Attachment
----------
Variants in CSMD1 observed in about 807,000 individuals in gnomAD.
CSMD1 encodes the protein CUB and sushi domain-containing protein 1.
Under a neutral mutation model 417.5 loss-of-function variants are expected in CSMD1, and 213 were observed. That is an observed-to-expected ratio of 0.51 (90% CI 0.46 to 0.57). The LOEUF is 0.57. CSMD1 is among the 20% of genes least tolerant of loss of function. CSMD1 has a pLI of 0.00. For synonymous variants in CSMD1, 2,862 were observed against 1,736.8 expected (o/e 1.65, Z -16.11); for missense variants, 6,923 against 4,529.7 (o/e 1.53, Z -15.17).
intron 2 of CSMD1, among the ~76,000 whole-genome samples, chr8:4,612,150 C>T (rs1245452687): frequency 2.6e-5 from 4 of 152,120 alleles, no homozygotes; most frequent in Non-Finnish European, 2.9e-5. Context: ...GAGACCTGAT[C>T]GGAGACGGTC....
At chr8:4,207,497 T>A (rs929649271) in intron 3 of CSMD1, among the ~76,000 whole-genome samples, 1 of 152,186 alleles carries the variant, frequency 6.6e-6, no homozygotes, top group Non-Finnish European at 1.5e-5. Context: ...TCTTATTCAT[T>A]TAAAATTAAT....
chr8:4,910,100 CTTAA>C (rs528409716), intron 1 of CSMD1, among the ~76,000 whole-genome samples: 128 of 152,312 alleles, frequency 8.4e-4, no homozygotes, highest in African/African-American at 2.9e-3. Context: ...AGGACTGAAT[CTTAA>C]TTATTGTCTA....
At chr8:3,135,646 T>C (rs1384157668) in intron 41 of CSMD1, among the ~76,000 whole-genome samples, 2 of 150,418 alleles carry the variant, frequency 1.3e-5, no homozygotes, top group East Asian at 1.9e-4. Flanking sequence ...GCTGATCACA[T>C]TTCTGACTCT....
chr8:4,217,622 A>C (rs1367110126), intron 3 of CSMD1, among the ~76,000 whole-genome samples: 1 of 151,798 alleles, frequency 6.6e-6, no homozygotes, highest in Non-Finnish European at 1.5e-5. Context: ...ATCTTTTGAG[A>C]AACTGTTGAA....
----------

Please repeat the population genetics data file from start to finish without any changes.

Variants in CSMD1 observed in about 807,000 individuals in gnomAD.
CSMD1 encodes the protein CUB and sushi domain-containing protein 1.
Under a neutral mutation model 417.5 loss-of-function variants are expected in CSMD1, and 213 were observed. That is an observed-to-expected ratio of 0.51 (90% CI 0.46 to 0.57). The LOEUF is 0.57. CSMD1 is among the 20% of genes least tolerant of loss of function. CSMD1 has a pLI of 0.00. For synonymous variants in CSMD1, 2,862 were observed against 1,736.8 expected (o/e 1.65, Z -16.11); for missense variants, 6,923 against 4,529.7 (o/e 1.53, Z -15.17).
intron 2 of CSMD1, among the ~76,000 whole-genome samples, chr8:4,612,150 C>T (rs1245452687): frequency 2.6e-5 from 4 of 152,120 alleles, no homozygotes; most frequent in Non-Finnish European, 2.9e-5. Context: ...GAGACCTGAT[C>T]GGAGACGGTC....
At chr8:4,207,497 T>A (rs929649271) in intron 3 of CSMD1, among the ~76,000 whole-genome samples, 1 of 152,186 alleles carries the variant, frequency 6.6e-6, no homozygotes, top group Non-Finnish European at 1.5e-5. Context: ...TCTTATTCAT[T>A]TAAAATTAAT....
chr8:4,910,100 CTTAA>C (rs528409716), intron 1 of CSMD1, among the ~76,000 whole-genome samples: 128 of 152,312 alleles, frequency 8.4e-4, no homozygotes, highest in African/African-American at 2.9e-3. Context: ...AGGACTGAAT[CTTAA>C]TTATTGTCTA....
At chr8:3,135,646 T>C (rs1384157668) in intron 41 of CSMD1, among the ~76,000 whole-genome samples, 2 of 150,418 alleles carry the variant, frequency 1.3e-5, no homozygotes, top group East Asian at 1.9e-4. Flanking sequence ...GCTGATCACA[T>C]TTCTGACTCT....
chr8:4,217,622 A>C (rs1367110126), intron 3 of CSMD1, among the ~76,000 whole-genome samples: 1 of 151,798 alleles, frequency 6.6e-6, no homozygotes, highest in Non-Finnish European at 1.5e-5. Context: ...ATCTTTTGAG[A>C]AACTGTTGAA....